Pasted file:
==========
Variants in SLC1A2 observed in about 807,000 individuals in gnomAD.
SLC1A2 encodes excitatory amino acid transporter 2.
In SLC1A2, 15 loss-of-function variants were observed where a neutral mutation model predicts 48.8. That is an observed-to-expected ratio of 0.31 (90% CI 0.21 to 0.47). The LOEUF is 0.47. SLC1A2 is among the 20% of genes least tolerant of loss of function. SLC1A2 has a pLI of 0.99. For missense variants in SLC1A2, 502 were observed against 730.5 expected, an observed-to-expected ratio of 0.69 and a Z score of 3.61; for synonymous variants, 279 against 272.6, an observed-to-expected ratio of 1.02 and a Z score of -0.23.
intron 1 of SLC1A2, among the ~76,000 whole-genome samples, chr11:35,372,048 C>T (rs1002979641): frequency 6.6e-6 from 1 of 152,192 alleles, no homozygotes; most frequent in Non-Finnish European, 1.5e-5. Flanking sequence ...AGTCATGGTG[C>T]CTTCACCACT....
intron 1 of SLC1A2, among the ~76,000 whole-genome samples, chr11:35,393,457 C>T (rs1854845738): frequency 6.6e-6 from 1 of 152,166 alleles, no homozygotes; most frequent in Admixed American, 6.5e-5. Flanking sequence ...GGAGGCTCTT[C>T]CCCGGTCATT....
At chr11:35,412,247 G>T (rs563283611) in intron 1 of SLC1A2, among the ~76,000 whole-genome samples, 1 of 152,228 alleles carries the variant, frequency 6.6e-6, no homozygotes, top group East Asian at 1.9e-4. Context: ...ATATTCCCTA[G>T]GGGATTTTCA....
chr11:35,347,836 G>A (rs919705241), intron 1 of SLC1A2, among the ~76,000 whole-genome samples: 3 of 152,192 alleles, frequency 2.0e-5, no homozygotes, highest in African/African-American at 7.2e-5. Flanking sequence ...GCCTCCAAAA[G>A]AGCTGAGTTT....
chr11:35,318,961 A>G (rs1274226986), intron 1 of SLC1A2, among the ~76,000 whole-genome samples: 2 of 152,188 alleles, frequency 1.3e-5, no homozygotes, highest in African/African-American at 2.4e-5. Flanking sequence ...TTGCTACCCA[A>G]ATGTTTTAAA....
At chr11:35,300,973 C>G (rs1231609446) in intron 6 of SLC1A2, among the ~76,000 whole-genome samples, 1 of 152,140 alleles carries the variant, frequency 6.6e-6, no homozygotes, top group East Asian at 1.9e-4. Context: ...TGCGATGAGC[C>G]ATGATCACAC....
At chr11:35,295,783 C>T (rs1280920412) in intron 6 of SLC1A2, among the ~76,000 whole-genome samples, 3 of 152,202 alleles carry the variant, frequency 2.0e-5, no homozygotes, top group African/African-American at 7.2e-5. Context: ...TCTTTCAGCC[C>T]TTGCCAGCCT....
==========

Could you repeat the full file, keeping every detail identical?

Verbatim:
Variants in SLC1A2 observed in about 807,000 individuals in gnomAD.
SLC1A2 encodes excitatory amino acid transporter 2.
In SLC1A2, 15 loss-of-function variants were observed where a neutral mutation model predicts 48.8. That is an observed-to-expected ratio of 0.31 (90% CI 0.21 to 0.47). The LOEUF is 0.47. SLC1A2 is among the 20% of genes least tolerant of loss of function. SLC1A2 has a pLI of 0.99. For missense variants in SLC1A2, 502 were observed against 730.5 expected, an observed-to-expected ratio of 0.69 and a Z score of 3.61; for synonymous variants, 279 against 272.6, an observed-to-expected ratio of 1.02 and a Z score of -0.23.
intron 1 of SLC1A2, among the ~76,000 whole-genome samples, chr11:35,372,048 C>T (rs1002979641): frequency 6.6e-6 from 1 of 152,192 alleles, no homozygotes; most frequent in Non-Finnish European, 1.5e-5. Flanking sequence ...AGTCATGGTG[C>T]CTTCACCACT....
intron 1 of SLC1A2, among the ~76,000 whole-genome samples, chr11:35,393,457 C>T (rs1854845738): frequency 6.6e-6 from 1 of 152,166 alleles, no homozygotes; most frequent in Admixed American, 6.5e-5. Flanking sequence ...GGAGGCTCTT[C>T]CCCGGTCATT....
At chr11:35,412,247 G>T (rs563283611) in intron 1 of SLC1A2, among the ~76,000 whole-genome samples, 1 of 152,228 alleles carries the variant, frequency 6.6e-6, no homozygotes, top group East Asian at 1.9e-4. Context: ...ATATTCCCTA[G>T]GGGATTTTCA....
chr11:35,347,836 G>A (rs919705241), intron 1 of SLC1A2, among the ~76,000 whole-genome samples: 3 of 152,192 alleles, frequency 2.0e-5, no homozygotes, highest in African/African-American at 7.2e-5. Flanking sequence ...GCCTCCAAAA[G>A]AGCTGAGTTT....
chr11:35,318,961 A>G (rs1274226986), intron 1 of SLC1A2, among the ~76,000 whole-genome samples: 2 of 152,188 alleles, frequency 1.3e-5, no homozygotes, highest in African/African-American at 2.4e-5. Flanking sequence ...TTGCTACCCA[A>G]ATGTTTTAAA....
At chr11:35,300,973 C>G (rs1231609446) in intron 6 of SLC1A2, among the ~76,000 whole-genome samples, 1 of 152,140 alleles carries the variant, frequency 6.6e-6, no homozygotes, top group East Asian at 1.9e-4. Context: ...TGCGATGAGC[C>G]ATGATCACAC....
At chr11:35,295,783 C>T (rs1280920412) in intron 6 of SLC1A2, among the ~76,000 whole-genome samples, 3 of 152,202 alleles carry the variant, frequency 2.0e-5, no homozygotes, top group African/African-American at 7.2e-5. Context: ...TCTTTCAGCC[C>T]TTGCCAGCCT....